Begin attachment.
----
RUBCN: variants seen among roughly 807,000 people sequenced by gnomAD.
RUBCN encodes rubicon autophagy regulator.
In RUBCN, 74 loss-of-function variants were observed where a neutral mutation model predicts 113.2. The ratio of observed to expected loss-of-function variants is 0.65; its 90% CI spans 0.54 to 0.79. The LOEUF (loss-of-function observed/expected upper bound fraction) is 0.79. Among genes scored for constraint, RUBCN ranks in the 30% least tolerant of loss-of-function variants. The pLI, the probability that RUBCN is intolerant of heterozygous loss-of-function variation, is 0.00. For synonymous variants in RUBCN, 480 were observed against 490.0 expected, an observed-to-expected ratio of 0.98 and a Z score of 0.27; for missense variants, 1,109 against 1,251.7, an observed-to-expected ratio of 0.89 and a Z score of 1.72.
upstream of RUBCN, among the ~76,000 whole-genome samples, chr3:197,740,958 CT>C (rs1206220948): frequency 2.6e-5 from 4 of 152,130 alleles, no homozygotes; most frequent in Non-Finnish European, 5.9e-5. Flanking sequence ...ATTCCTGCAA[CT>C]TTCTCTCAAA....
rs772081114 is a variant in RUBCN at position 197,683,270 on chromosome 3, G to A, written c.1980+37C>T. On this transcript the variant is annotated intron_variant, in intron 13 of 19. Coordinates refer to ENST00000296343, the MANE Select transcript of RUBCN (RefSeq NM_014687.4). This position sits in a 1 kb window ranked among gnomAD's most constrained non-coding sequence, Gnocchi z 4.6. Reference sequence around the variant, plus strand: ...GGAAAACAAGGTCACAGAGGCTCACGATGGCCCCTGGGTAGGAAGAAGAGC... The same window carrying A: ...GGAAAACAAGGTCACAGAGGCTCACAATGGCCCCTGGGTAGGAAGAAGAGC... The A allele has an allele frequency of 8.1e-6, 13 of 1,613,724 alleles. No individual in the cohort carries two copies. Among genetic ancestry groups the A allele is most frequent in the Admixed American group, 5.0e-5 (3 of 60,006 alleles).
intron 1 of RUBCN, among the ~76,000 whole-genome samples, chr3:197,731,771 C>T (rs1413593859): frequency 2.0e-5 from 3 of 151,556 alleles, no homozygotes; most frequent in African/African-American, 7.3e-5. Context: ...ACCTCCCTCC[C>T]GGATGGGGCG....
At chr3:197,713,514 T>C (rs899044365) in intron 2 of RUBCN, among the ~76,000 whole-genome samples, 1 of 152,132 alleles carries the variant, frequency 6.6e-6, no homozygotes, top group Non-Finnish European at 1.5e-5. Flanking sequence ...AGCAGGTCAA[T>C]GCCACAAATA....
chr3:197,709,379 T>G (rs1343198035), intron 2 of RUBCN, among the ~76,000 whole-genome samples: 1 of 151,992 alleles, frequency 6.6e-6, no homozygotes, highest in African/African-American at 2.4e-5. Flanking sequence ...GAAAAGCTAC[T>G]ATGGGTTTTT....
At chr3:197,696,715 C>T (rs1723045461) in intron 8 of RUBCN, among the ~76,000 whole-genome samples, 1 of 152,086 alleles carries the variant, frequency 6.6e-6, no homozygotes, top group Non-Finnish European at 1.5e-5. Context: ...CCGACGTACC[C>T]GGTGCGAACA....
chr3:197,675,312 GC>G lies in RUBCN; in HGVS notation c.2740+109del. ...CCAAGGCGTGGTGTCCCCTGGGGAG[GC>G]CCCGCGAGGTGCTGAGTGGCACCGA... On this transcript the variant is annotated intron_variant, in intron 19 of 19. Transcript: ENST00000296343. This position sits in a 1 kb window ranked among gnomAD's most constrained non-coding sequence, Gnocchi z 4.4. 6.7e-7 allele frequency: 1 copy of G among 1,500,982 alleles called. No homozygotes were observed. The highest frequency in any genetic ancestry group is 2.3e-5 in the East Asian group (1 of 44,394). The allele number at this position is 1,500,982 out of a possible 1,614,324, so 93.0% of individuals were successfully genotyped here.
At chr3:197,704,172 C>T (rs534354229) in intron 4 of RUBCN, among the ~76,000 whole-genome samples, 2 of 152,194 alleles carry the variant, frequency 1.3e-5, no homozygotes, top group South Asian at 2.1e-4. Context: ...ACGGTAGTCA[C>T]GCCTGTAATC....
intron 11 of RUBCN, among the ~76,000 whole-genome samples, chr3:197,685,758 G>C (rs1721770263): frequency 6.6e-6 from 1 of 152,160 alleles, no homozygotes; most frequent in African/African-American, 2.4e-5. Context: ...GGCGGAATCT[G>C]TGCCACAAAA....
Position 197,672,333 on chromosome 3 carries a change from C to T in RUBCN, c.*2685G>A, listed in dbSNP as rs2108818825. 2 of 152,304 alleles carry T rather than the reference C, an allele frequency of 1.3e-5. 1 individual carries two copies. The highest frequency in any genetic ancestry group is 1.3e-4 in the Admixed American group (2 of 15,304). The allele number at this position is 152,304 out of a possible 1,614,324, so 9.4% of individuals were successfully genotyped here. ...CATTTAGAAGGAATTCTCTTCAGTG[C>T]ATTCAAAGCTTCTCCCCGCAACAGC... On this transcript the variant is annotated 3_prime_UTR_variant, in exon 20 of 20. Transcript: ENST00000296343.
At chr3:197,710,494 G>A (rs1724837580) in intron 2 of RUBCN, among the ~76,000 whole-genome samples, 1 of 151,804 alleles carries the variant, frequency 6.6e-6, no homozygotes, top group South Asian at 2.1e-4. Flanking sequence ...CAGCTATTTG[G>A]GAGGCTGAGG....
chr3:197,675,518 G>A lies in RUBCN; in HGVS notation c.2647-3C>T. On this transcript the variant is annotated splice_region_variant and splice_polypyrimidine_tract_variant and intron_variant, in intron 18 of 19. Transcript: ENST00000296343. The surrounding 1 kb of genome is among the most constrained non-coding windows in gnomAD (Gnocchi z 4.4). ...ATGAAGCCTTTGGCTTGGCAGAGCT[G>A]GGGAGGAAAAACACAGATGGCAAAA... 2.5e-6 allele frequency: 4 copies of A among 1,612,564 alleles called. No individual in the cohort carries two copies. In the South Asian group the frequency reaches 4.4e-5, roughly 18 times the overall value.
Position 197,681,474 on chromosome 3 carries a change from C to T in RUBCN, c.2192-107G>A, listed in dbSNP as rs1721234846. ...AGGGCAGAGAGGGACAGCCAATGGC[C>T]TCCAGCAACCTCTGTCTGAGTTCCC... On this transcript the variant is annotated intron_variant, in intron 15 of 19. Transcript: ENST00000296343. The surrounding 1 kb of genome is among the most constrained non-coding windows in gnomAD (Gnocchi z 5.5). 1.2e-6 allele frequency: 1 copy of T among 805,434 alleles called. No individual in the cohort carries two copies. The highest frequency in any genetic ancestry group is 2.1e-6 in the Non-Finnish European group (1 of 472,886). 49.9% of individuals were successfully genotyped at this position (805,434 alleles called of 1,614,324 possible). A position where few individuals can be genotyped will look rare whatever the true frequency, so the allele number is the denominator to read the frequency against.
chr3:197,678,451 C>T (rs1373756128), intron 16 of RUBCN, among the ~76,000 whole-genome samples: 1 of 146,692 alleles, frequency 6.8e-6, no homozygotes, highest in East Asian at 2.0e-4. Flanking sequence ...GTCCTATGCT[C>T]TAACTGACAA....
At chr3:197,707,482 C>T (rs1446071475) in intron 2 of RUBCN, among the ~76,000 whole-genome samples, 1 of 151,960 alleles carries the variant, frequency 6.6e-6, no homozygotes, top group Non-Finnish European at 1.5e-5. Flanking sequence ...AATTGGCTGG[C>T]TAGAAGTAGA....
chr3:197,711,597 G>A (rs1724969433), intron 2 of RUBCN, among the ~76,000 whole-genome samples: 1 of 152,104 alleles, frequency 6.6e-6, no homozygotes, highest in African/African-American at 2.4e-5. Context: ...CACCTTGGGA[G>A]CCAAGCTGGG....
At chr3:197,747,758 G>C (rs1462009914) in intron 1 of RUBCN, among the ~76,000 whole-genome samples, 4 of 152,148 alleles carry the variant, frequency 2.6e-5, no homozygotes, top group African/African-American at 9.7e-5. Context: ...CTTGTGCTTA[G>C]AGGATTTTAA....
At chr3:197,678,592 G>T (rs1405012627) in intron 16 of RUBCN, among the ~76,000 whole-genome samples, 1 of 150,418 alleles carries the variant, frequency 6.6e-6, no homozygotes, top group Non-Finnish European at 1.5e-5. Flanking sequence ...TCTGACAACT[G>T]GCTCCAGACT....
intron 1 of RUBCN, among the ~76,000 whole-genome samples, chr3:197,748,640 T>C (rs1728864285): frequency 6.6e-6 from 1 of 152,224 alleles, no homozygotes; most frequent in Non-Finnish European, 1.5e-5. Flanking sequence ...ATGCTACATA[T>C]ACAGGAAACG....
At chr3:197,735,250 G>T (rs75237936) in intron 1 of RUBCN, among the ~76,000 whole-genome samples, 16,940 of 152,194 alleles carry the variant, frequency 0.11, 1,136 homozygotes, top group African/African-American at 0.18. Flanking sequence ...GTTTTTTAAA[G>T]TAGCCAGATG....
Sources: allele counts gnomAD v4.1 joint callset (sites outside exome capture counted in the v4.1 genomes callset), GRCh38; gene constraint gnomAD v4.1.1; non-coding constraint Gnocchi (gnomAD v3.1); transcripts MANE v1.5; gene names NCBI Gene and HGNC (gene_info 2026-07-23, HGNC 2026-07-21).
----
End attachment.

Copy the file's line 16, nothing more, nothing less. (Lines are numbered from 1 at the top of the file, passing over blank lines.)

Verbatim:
Position 197,681,474 on chromosome 3 carries a change from C to T in RUBCN, c.2192-107G>A, listed in dbSNP as rs1721234846. ...AGGGCAGAGAGGGACAGCCAATGGC[C>T]TCCAGCAACCTCTGTCTGAGTTCCC... On this transcript the variant is annotated intron_variant, in intron 15 of 19. Transcript: ENST00000296343. The surrounding 1 kb of genome is among the most constrained non-coding windows in gnomAD (Gnocchi z 5.5). 1.2e-6 allele frequency: 1 copy of T among 805,434 alleles called. No individual in the cohort carries two copies. The highest frequency in any genetic ancestry group is 2.1e-6 in the Non-Finnish European group (1 of 472,886). 49.9% of individuals were successfully genotyped at this position (805,434 alleles called of 1,614,324 possible). A position where few individuals can be genotyped will look rare whatever the true frequency, so the allele number is the denominator to read the frequency against.